The First Production of Flexible Electronics Appears in Russia
The Russian Flexible Electronics Centre was officially opened at the TechnoSpark Technology Campus in the Troitsk Science City. The new venture will allow Russia to enter the list of countries with its production facilities in this fast-growing electronics segment.
The TechnoSpark Group, part of the investment network of the RUSNANO’s Fund for Infrastructure and Educational Programs, specializes in working with “hardware” start-ups involved in robotics, energy storage systems, high-tech medical equipment, and industrial microbiology, etc.
On March 10, the Russian Flexible Electronics Center was officially opened at the TechnoSpark Technology Campus in the city of Troitsk, part of New Moscow. The new venture will allow Russia to enter the list of countries with its own production facilities in this fast-growing electronics segment.
“The Russian Flexible Electronics Center is the first TechnoSpark start-up to become a factory,” said Denis Kovalevich, CEO of TechnoSpark.
Initially, the RFEC will be involved in prototyping and small-scale production of a wide range of new products for a variety of customers, including foreign ones, by exploring various applications and breaking in full-cycle production processes on industrial equipment. Subsequently, according to Denis Kovalevich, the center will focus on the production of the most marginal products. At the same time, if necessary, some of the production processes can be outsourced, and due to this, the plant will be able to install new equipment and expand production.
In addition, the RFEC intends to sell ready-made processes for the production of devices on an industrial scale. In this way, the center will occupy a niche between research centers that create prototypes on laboratory equipment and large productions for which the experiments with setting up processes on operating lines are too expensive. According to Boris Galkin, the RFEC Director of Development, this positioning makes his company unique and makes it possible not to be afraid that the giants of the semiconductor business will enter the market of flexible electronics—it will be cheaper for them to buy ready-made processes from the companies like the RFEC, rather than to develop them themselves.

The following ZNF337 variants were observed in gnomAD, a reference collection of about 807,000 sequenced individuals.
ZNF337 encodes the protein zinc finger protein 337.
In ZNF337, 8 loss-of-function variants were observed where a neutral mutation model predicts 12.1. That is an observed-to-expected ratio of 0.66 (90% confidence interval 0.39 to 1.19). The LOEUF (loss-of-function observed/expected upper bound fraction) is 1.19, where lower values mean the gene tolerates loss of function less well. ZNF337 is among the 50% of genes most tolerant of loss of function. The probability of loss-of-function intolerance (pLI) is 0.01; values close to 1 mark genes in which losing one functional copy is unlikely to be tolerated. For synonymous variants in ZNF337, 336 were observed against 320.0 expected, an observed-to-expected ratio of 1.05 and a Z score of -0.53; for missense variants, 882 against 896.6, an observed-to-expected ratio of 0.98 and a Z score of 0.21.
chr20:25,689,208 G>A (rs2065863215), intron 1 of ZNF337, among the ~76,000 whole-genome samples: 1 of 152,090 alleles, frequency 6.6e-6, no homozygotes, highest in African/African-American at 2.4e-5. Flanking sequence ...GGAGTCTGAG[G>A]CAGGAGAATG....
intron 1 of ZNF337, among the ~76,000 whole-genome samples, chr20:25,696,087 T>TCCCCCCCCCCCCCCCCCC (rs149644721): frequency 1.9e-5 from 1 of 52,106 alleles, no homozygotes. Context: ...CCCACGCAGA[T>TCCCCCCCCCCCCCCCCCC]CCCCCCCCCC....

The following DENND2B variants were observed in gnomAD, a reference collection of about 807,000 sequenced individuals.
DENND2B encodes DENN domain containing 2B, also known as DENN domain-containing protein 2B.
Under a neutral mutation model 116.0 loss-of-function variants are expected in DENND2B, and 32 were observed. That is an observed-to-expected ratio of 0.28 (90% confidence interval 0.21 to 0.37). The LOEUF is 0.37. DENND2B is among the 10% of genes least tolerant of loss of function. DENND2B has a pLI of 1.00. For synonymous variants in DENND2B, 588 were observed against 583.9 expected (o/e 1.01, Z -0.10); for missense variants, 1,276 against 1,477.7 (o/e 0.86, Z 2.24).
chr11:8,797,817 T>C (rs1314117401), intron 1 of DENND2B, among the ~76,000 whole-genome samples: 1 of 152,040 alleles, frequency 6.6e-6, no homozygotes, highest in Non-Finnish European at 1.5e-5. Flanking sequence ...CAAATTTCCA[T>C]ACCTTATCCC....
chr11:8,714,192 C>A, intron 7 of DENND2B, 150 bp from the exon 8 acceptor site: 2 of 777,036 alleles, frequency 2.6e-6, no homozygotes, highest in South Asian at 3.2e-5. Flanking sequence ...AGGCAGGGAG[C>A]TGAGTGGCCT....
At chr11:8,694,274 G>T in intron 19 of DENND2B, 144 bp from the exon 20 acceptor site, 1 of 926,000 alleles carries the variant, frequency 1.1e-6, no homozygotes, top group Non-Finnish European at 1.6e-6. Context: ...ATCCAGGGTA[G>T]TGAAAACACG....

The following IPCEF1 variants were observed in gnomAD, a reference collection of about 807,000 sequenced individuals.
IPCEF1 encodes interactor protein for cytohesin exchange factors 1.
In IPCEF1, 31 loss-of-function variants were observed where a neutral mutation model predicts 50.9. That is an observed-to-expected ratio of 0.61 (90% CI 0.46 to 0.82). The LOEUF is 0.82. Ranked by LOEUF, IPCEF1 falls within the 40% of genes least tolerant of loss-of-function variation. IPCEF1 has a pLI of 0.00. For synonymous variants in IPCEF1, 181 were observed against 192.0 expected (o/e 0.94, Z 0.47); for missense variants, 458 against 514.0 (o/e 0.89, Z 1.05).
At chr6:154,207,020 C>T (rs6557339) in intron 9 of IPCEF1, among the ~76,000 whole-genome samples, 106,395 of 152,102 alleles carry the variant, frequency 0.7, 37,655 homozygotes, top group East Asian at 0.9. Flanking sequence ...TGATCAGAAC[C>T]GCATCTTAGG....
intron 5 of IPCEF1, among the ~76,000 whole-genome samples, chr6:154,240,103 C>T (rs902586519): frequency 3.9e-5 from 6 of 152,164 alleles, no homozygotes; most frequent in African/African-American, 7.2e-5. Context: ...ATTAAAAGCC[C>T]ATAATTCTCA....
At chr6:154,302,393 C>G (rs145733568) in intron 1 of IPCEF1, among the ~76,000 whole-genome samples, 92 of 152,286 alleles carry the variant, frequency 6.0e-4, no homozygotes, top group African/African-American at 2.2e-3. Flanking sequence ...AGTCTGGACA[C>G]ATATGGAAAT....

The plant in Troitsk will sell not only the semiconductors themselves, but the processes fine-tuned on industrial equipment
Now the RFEC is mastering the processes of making flexible organic TFT matrix on a plastic substrate, developed by the UK FlexEnable laboratory. This year, the technology for the production of flexible metal-oxide TFT matrix and integrated chips from the IMEC (Belgium) and Holst Centre (Netherlands) research centers will also be completed. The technology is transferred together with intellectual rights so that in case of any foreign policy conflicts, the transferred technologies will remain ours. But so far, as the RFEC leadership assures, there are no prerequisites for licensing threats.
The plant area is 4.2 thousand square meters, of which 1.8 thousand square meters are “clean rooms” in which no more than 29 dust particles per cubic meter are allowed. The number of employees is 30 people when reaching full capacity, and will increase to 100 people.
After reaching the design capacity, the production volume will be about 4 thousand square meters of TFT matrices per year. This is either 1.5 mln matrices for electronic price tags or smart cards, or 100 thousand matrices for tablet screens, or 100 thousand matrices for flexible biometric sensors about the size of a palm, or 100 mln chips for RFID tags.